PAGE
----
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This migraine tracking app acts like a doctor, connects you to one too

migraine buddy healint

Most migraine apps are dumb. They act like glorified notebooks for you to track symptoms and self-diagnose; nothing more. Migraine Buddy, an ambitious Android app developed in Singapore, aims to be far more useful.

Think of it as a doctor who’s always there. The app tries to understand what causes your headaches and how best to stop them from happening. Besides asking questions about your migraine, habits, and medication with a questionaire, it knows what you’re up to by collecting data about sleep and movement patterns using your smartphone’s sensors. This makes sense since doctors say that sleep deprivation and rigorous physical activity could cause migraines.

Once the app collects enough data about you, it creates a report highlighting when the symptoms happened, and what were the top triggers. It even finds out the most effective medication for you by recording when you used them and comparing that information with the severity of the migraines.

“It mimics how a doctor prescribes different medication to patients to figure out what works,” says Veronica Chew, co-founder of Healint, the startup behind Migraine Buddy. “Most other migraine apps are not as comprehensive. We collect data that’s action-driven, so that we can help patients make the right decisions.”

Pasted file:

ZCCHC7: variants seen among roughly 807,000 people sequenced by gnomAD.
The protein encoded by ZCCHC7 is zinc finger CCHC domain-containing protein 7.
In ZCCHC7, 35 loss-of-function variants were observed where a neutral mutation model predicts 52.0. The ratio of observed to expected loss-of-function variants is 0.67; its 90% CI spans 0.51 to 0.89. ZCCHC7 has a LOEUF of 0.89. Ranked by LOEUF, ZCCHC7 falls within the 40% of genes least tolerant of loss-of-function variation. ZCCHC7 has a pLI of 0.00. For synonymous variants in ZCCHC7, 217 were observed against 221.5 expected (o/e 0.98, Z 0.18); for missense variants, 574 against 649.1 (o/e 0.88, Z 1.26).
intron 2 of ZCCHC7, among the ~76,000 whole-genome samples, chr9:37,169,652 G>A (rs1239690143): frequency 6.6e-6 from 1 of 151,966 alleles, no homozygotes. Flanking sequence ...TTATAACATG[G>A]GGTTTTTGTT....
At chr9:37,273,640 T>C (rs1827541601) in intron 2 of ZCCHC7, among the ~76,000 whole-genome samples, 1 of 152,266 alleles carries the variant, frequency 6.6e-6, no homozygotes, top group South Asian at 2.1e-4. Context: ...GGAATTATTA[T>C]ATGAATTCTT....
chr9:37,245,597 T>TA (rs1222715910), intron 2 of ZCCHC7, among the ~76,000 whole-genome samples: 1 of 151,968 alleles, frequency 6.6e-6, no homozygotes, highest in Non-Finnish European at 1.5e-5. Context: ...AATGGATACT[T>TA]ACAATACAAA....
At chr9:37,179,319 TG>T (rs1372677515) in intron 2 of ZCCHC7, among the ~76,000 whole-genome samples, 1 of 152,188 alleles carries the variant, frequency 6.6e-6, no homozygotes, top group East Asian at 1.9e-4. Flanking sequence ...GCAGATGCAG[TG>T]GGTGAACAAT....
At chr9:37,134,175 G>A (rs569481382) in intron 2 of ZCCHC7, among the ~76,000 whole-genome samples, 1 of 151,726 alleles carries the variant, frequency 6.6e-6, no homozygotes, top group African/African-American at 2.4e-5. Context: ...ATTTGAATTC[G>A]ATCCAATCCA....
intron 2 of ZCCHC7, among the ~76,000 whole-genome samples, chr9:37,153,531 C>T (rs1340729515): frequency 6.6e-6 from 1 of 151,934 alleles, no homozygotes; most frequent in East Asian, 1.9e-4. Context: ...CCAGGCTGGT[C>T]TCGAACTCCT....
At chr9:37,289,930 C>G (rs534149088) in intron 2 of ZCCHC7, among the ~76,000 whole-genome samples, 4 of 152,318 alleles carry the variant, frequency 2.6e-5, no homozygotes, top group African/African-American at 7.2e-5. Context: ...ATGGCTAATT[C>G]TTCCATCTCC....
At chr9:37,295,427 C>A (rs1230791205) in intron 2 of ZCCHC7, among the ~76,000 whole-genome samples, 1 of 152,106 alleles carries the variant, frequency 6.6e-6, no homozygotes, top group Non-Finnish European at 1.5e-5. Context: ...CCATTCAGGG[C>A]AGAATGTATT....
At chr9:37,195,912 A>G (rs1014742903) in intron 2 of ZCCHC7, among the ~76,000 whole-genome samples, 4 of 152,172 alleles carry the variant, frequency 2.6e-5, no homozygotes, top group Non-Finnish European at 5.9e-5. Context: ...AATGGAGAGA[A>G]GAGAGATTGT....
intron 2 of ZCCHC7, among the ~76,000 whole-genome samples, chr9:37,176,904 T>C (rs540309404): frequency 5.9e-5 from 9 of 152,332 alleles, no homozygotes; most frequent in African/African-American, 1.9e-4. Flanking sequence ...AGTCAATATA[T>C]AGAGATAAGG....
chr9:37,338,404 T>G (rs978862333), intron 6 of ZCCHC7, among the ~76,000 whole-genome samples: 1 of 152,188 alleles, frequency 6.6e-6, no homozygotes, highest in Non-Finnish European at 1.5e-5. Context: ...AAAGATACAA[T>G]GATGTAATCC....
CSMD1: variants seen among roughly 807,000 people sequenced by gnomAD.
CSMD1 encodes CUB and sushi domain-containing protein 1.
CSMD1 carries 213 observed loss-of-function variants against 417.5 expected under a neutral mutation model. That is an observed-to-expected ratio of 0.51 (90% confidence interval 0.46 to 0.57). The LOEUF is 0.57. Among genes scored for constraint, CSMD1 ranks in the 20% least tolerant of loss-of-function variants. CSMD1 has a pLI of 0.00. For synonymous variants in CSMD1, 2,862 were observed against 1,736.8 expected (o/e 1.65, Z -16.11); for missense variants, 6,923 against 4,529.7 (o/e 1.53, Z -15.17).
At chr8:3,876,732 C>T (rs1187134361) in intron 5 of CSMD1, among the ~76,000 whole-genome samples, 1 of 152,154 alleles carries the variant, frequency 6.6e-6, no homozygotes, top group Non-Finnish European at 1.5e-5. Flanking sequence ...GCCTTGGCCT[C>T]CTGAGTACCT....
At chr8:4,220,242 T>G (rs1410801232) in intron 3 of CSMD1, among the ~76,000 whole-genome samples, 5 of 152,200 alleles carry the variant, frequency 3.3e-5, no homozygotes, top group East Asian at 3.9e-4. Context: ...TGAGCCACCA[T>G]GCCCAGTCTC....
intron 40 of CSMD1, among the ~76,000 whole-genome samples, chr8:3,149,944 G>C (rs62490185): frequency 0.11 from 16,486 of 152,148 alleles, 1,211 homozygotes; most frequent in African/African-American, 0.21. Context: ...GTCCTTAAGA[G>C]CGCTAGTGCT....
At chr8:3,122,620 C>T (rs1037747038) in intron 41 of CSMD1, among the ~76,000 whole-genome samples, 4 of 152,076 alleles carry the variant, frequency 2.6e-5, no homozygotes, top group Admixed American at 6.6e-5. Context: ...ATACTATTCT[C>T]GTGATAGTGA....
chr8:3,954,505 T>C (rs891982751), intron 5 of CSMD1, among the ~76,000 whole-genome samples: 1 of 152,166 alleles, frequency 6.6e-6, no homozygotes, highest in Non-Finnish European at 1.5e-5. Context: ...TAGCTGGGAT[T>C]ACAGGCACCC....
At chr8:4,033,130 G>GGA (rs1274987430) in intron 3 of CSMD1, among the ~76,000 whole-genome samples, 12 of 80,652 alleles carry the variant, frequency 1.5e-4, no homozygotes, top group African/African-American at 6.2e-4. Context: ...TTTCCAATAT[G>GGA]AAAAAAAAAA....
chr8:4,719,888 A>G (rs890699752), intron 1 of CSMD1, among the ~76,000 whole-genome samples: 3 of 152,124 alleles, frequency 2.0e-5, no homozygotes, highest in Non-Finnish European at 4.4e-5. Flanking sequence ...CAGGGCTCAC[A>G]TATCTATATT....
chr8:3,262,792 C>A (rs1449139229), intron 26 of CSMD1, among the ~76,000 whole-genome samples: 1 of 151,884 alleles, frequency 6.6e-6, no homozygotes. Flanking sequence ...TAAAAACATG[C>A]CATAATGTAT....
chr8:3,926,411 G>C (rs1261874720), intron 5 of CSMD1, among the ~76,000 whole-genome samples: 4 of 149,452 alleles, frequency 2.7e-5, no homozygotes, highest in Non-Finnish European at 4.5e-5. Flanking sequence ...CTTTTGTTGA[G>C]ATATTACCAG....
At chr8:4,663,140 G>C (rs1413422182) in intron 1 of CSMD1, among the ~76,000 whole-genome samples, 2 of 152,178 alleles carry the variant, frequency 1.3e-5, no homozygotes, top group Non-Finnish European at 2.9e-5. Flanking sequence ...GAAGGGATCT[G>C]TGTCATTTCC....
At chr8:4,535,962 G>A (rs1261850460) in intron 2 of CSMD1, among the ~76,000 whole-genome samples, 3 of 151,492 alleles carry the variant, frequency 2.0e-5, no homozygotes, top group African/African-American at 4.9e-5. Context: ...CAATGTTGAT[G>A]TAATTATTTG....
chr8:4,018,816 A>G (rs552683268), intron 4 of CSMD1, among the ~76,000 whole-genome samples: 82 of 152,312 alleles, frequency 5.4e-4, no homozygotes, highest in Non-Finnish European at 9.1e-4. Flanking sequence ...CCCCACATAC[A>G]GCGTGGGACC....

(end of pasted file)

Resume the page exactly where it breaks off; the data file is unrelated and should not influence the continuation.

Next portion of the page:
The app is now available in Singapore through several neurologists and neurosurgeons, including Dr Michael Yap. The startup will partner with more physicians in private and public institutions soon. While any Android user can download the app, they’ll need a special access code from a clinician to use it.

And for good reason: the app allows doctors to remotely access live data about the patient. In this way, it’s not designed to replace physicians, but to allow them to do their jobs better.

Users would naturally express concern over data privacy. But Chew says that thieves would not be able to steal the data in the event of phone loss. The app stores your identifier in a different location from the data, which means hackers must crack two servers instead of one to compromise your privacy.

See: 5 innovative healthcare apps from Asia

migraine buddy healint

Migraine sufferers living outside Singapore and not using Android shouldn’t fret: Healint is working on a ‘lite’ version of the app which works even without seeing a doctor. The company plans to develop an iPhone version too, after it figures out how to work with the device’s sensors. Beyond Singapore, the company will engage physicians in Malaysia.

Founded in 2013, Healint has since raised over S$200,000 (US$161,000) from seed investors. It was also a part of JFDI, a premier startup accelerator in Singapore. Migraine isn’t the only problem Healint is trying to solve. It released JustShakeIt, an Android app that allows stroke sufferers to send alerts to their caregivers.

The startup uses its apps to crowdsource data, which it will then analyze to spot patterns. It will eventually develop apps and services targeting conditions like epilepsy, COPD, and asthma.

Co-founder Francois Cadiou started the company for a personal reason. One day, he received a call from a neighbor who did not see Cadiou’s dad for three days. Worried, they searched for him, but to no avail. He was later found in one of the local hospitals, and had been in coma for two days. He eventually  woke up.

“I started searching for solutions that allow patients [to be] followed without making their lives more complex,” he says. That led to an idea for an emergency alert app, which later became JustShakeIt.

Editing by Paul Bischoff

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